In Brazil, Natural Heritage Private Reserves belong to the category of sustainable use protected areas, or conservation units, and are established in perpetuity and voluntarily by the landowner. The owner is requested to include signage in and outside the area, ban hunting, fishing and capture of animals, clearing of forests and fires in addition to other activities detrimental to the environment. The owner is also required to develop and follow a management plan and to present periodic reports with help of the institution in charge of the environment at the federal/national level (IBAMA), other environment institutions at the state level and NGOs. Fines are assigned by the authorities when obligations are not met (Wiedmann, 1997 in Cegana 2005). Within this type of reserves, the activities allowed include scientific research, tourism and recreation and environmental education as established in the management plan and legislation (ICMBio/MMA, 2012; Case Study in Borrini-Feyerabend, 2013). The environmental police at the state level responds to complaints from owners of NHPRs in cases of illegal hunting, etc. in their property. In the case of SMNHPR, an environmental police unit is hosted within the property. In addition, support in protected area management, from the National Confederation of NHPRs (CNRPPN) is given to those voluntarily registered (www.icmbio.gov.br).

 

Private reserves, among other governance types, can provide benefits and conservation at little cost to society (Hayes, 2006; SCBD, 2010, Kothari et al., 2012 In Borrini-Feyeraben, 2013) and can serve as instruments to complement and strengthen the public system (Mesquita, 2004 in Teixeira and Silva, 2011). In many areas population growth and increasing demand for resources and environmental services coupled with scarce financial resources available for nature conservation are limiting the establishment of public protected areas (McNeely, 1984 in Teixeira and Silva, 2011) increasing the importance of the private sector in biodiversity conservation (Mesquita, 2004 in Teixeira and Silva 2011). In addition to nature conservation benefits, privately owned protected areas provide other important benefits, such as tourism and recreation, education and knowledge building.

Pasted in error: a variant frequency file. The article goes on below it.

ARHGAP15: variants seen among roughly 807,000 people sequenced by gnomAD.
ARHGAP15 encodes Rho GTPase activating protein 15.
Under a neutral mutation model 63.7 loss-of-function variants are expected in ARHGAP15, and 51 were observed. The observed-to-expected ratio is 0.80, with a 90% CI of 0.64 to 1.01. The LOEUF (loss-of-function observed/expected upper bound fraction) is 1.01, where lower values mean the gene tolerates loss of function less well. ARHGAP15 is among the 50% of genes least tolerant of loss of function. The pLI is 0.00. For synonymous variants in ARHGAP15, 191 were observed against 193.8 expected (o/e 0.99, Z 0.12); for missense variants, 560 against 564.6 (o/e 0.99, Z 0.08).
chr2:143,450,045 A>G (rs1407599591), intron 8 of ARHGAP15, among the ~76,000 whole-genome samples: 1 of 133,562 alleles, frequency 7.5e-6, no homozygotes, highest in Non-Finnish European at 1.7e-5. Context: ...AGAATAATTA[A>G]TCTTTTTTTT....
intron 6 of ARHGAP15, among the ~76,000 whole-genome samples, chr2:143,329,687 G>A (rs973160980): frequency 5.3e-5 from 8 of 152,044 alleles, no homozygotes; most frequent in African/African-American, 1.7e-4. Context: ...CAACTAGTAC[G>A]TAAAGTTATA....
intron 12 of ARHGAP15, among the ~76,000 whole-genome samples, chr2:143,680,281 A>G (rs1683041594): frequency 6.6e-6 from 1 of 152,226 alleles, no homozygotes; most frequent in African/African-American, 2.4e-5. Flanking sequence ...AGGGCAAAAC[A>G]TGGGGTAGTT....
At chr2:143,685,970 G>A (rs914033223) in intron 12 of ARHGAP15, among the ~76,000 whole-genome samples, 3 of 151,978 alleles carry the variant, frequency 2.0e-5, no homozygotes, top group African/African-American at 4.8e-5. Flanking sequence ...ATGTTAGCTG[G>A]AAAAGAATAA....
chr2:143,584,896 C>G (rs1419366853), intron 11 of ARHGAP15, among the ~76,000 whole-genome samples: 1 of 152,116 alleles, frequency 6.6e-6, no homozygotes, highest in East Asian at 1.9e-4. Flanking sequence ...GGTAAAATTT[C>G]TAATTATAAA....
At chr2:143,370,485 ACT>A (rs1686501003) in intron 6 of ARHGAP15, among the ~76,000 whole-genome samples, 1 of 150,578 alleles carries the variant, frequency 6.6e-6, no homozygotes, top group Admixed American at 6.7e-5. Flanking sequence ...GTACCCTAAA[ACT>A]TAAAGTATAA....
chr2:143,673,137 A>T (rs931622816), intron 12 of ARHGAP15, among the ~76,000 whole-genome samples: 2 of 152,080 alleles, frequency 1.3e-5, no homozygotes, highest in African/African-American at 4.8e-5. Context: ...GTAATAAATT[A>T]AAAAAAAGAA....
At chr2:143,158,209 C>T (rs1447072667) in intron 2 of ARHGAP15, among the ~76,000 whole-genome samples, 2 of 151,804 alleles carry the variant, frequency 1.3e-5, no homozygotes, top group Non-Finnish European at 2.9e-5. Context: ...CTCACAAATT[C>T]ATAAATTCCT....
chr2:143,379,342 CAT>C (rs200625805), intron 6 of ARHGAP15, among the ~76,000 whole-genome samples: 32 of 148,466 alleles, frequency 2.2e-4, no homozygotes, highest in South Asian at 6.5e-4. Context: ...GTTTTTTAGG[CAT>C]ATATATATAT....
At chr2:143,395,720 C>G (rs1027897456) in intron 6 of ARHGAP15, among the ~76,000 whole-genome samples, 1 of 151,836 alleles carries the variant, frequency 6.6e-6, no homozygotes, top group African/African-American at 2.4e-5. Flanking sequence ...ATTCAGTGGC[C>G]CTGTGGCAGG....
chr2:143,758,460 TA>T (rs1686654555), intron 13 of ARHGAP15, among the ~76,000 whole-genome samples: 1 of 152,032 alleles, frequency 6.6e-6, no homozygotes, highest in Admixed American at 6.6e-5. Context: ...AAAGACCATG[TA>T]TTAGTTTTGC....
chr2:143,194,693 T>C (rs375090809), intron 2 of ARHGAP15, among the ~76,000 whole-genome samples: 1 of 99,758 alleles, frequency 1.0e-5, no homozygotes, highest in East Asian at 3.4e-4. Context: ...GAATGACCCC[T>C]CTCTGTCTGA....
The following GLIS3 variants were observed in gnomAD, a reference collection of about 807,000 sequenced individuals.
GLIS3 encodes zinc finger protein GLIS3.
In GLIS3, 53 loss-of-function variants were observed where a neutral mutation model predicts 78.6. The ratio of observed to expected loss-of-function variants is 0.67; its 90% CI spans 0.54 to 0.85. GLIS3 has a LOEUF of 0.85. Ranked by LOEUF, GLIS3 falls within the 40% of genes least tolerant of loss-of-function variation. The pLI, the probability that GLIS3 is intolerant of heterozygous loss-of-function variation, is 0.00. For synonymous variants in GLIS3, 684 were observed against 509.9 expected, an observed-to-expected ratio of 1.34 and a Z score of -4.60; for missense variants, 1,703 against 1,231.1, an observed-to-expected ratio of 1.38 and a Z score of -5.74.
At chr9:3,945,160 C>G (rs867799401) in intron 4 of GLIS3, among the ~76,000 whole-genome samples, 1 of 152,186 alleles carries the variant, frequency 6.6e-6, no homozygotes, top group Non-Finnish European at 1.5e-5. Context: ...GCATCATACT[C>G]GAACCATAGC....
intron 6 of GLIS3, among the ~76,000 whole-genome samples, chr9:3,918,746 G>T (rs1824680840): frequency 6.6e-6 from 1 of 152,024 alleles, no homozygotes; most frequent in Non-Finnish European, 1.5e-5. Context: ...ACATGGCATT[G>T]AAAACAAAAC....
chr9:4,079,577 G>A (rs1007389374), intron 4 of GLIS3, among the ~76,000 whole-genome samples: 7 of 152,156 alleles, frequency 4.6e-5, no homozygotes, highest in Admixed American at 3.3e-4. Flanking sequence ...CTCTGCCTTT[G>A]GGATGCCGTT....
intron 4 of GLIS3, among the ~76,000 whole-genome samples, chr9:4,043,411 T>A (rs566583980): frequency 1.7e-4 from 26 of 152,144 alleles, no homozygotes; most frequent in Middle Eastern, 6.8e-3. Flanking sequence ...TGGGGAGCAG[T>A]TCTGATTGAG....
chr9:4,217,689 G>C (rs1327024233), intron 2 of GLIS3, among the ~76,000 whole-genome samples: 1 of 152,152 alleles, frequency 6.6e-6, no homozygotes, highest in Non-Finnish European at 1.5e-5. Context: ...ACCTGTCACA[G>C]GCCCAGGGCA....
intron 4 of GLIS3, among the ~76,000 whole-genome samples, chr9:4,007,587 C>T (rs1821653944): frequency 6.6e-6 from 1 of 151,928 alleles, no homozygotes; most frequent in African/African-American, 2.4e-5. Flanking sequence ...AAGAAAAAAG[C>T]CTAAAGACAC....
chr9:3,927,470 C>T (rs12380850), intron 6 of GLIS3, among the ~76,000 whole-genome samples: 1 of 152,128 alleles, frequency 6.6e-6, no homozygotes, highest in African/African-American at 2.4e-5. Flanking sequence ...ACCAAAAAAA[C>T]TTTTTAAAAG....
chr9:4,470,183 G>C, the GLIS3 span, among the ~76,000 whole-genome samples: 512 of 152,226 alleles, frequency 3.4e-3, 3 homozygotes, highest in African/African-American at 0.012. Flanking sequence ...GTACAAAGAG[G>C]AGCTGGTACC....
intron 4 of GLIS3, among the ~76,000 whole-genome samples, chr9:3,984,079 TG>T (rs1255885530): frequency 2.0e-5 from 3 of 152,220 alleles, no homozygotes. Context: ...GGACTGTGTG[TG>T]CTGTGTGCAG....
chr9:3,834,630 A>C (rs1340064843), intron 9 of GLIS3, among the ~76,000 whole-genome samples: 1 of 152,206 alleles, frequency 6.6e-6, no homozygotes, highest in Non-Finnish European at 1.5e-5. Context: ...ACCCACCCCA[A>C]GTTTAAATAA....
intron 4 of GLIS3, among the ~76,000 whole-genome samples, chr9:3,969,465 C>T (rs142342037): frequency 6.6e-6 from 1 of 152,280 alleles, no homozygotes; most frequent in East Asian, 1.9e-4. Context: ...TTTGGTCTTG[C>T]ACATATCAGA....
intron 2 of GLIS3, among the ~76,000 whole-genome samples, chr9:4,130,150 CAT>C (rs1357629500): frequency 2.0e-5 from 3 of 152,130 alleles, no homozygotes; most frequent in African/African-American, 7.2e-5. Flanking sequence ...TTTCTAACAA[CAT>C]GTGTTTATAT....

Climate regulation: and Ibiza, Biodiversity and Culture (Spain)

An important feedback loop exists between ecosystems and climate. While ecosystems regulate climate by influencing the mechanisms of water, energy and greenhouse gases (GHGs) exchange between land and the atmosphere, climate variation itself impacts the dynamics of ecosystem processes, determining the maintenance of their integrity and capacity to provide goods and services for people (Bonan, 2008; Foley et al., 2003; Heimann & Reichstein, 2008; Millennium Ecosystem Assessment, 2005; World Bank, 2010). As such, climate regulation is important to ensure the normal functioning of the biosphere, which in turn will maintain the delivery of regulation services. The latest IPCC report states that "continued emissions of GHGs will cause further warming and changes in all components of the climate system" (IPCC, 2013). Under current climate change scenarios, protected areas are key to ensuring the provision of regulation services that can act both in terms of mitigation, by sequestering carbon and reducing deforestation; and in terms of adaptation to climate change, by ensuring the resilience of the ecosystems to extreme events is maintained and services such as climate regulation continue to be provided (World Bank, 2010).The two case studies –the Canadian Rocky Mountain Parks and Ibiza - have been selected to highlight the benefits ecosystems deliver through climate regulation in terrestrial and marine environments.

Key messages